Brood parasitism can exert strong selection pressure on the host to improve its ability to detect brood parasites. The brood parasites, in turn, are counter-selected for traits that enable them to remain undetected by their host. The switch from using Hymenoptera to using Coleoptera as prey in Philanthidae liberated COLw from producing CHC profiles enriched with unsaturated CHCs, a requirement for embalming and preserving Hymenoptera prey. We demonstrated that this relaxation likely allowed COLw species to evolve distinct and species-specific CHC profiles dominated by methyl-branched alkanes as a strategy to escape chemical mimicry by their Hedychrum brood parasites. Several lines of evidence are consistent with our conclusions: (1) COLw CHC profiles are conspicuously distinct from the alkene-enriched CHC profiles of HYMw necessary for prey preservation and very distinct between each species, with species-specific types of methyl-branched alkanes; (2) the CHC profile overlap between COLw and their brood parasites is smaller than between HYMw and their brood parasites, although the Bray–Curtis dissimilarities of the CHC profiles were not significantly smaller in HYMw compared to COLw; (3) female cuckoo wasps show a CHC profile that resembles that of their COLw host species (except for H. chalybaeum), whereas the CHC profile of their male conspecifics resembles the host’s likely ancestral CHC profile of HYMw. In addition, COLw species show CHC profiles with longer chain lengths than HYMw and all Hedychrum species, which may constitute an additional strategy to escape chemical mimicry by their brood parasites. In summary, the observed patterns suggest that a diversification of CHC profiles with methyl-branched alkanes has evolved in COLw host species and that their cuckoo wasps “followed” their hosts in chemical space, consistent with an arms race hypothesis. Furthermore, our data suggest that HYMw may counteract the chemical mimicry of cuckoo wasps by exhibiting a larger intraspecific CHC profile variability than COLw. Although we provide evidence for a coevolutionary arms race on the phenotypic level, future studies should consider searching for footprints of this arms race also at the genetic level.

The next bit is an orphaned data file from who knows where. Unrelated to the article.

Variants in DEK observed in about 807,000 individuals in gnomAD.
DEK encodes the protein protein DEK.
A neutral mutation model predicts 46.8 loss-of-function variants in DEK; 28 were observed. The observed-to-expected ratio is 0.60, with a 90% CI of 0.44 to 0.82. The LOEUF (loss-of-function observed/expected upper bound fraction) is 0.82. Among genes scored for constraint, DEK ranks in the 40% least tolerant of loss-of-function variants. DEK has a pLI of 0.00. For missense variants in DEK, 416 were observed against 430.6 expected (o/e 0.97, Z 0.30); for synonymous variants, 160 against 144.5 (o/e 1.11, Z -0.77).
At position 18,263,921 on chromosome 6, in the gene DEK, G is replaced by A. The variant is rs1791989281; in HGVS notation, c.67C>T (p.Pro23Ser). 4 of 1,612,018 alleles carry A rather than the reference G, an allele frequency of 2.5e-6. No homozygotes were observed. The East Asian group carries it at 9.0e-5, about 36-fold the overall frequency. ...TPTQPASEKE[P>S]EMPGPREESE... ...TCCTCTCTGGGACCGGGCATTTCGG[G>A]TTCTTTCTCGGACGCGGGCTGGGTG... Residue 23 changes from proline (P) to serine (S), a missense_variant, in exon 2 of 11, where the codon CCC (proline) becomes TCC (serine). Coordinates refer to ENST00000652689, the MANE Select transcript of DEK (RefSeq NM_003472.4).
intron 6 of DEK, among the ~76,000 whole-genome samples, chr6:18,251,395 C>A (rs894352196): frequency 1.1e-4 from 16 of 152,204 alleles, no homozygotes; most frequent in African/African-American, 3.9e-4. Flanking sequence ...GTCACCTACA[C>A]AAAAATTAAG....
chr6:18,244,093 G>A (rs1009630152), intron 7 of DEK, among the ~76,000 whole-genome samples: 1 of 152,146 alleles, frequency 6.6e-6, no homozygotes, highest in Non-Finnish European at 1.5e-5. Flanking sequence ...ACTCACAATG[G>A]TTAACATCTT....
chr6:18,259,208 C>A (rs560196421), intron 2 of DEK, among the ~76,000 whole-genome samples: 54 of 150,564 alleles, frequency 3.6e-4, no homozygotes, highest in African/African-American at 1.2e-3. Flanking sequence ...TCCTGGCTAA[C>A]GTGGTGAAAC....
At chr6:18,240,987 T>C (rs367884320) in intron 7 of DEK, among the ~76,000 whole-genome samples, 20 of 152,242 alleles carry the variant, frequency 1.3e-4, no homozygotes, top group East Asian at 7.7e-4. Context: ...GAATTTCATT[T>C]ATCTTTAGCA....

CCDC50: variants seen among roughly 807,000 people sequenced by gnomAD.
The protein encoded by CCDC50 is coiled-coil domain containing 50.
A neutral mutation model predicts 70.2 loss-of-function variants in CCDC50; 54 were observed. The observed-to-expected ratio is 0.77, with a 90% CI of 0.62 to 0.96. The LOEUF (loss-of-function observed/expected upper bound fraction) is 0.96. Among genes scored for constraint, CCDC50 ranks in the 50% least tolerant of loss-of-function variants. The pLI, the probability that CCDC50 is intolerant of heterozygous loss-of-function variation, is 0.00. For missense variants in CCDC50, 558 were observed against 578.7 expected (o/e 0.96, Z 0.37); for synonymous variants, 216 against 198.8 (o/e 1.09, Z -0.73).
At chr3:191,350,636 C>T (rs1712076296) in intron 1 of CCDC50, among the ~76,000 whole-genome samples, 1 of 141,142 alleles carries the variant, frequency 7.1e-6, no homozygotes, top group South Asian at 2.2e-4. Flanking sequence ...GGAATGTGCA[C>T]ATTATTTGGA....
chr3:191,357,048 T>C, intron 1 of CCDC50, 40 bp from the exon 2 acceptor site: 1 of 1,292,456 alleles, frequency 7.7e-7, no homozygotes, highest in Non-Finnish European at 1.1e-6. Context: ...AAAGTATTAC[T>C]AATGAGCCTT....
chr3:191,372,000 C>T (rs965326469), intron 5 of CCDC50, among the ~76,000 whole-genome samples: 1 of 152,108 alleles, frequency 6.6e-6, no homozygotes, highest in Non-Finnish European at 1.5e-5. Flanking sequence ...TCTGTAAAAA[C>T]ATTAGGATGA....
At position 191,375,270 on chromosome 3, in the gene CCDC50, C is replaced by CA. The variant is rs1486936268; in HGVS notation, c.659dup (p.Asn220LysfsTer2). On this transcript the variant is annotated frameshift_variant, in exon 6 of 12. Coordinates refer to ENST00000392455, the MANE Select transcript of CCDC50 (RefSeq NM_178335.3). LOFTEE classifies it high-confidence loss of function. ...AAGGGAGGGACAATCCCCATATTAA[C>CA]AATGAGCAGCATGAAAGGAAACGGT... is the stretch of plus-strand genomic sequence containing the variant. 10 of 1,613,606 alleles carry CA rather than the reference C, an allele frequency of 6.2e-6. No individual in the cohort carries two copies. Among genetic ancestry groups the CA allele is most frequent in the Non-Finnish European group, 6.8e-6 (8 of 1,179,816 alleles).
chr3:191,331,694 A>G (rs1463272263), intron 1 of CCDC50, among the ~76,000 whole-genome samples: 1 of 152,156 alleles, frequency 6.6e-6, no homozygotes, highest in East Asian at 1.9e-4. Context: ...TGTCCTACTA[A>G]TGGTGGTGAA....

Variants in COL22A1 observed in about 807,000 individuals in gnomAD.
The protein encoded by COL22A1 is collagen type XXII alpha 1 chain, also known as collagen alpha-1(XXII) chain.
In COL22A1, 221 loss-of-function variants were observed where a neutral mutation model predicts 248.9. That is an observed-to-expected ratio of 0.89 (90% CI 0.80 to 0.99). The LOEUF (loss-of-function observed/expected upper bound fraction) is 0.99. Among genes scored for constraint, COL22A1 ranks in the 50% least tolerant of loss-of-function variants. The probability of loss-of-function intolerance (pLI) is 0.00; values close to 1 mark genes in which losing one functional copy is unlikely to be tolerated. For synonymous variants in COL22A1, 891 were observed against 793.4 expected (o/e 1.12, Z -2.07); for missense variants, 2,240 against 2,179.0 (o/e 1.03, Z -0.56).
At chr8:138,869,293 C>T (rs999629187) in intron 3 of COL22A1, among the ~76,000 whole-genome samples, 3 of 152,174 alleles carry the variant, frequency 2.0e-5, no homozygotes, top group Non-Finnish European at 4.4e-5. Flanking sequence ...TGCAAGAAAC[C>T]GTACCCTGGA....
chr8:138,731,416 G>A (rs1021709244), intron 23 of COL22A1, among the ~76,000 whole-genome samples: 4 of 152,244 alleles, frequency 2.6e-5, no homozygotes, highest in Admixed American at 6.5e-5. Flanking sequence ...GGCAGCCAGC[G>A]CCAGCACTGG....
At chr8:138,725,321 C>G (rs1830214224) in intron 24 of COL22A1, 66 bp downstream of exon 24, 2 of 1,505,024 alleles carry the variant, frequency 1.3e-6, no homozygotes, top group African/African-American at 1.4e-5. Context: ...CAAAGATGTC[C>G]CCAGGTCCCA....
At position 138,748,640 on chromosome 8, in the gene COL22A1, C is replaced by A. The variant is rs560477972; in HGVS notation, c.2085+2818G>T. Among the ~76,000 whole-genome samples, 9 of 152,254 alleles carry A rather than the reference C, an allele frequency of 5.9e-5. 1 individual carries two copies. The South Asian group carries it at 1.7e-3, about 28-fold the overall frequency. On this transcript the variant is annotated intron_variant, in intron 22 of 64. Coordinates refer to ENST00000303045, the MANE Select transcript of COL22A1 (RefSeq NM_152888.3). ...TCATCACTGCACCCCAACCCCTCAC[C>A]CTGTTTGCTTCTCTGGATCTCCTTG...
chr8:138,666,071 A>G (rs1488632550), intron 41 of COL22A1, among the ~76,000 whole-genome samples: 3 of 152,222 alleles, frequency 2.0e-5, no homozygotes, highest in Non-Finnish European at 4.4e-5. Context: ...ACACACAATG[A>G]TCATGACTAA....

Collection and origin of the insect samples
We studied the CHC profiles of 5–14 individual wasps per species and sex of twelve species (five species of the genus Hedychrum, five species of the genus Cerceris, and two species of the genus Philanthus, Table 2). To avoid considering individuals from populations that have experienced very different climatic conditions in the past, we collected all specimens in the Upper Rhein valley between Freiburg and Germersheim (150 km). These samples were collected over the course of multiple years, as some species are considered rare or difficult to find in larger numbers (e.g., Hedychrum chalybaeum). As sampling over multiple years could potentially increase variation (compared to sampling in just one year), we intentionally also collected the more common species over the course of multiple several years. We screened for possible differences in CHC profile composition between samples collected at different sample locations and in different years but did not find any significant differences (data not shown). Besides the five target species of Hedychrum (see above), we included an additional species of this genus (i.e., H. longicolle collected in Almarail, Spain in 2011) in the phylogenetic analysis for reasons unrelated to the present study. All samples were collected with an insect net and were identified by ON using a reference collection and DNA barcoding. Each wasp was placed in a glass vial (1.5 mL) and transported to the lab, where the specimen was killed by freezing. All specimens were stored at − 20 °C until extracting their CHCs and (only in a subset of samples) their DNA. Note that CHCs were extracted prior to any molecular work. Voucher specimens of samples whose DNA we studied are deposited at the Zoological Research Museum Alexander Koenig in Bonn or in the personal collections of ON and TS (Additional file 2: Table S1). Species of Hedychrum are known to be very host specific, and the currently known host associations of the studied species is summarized in Table 3.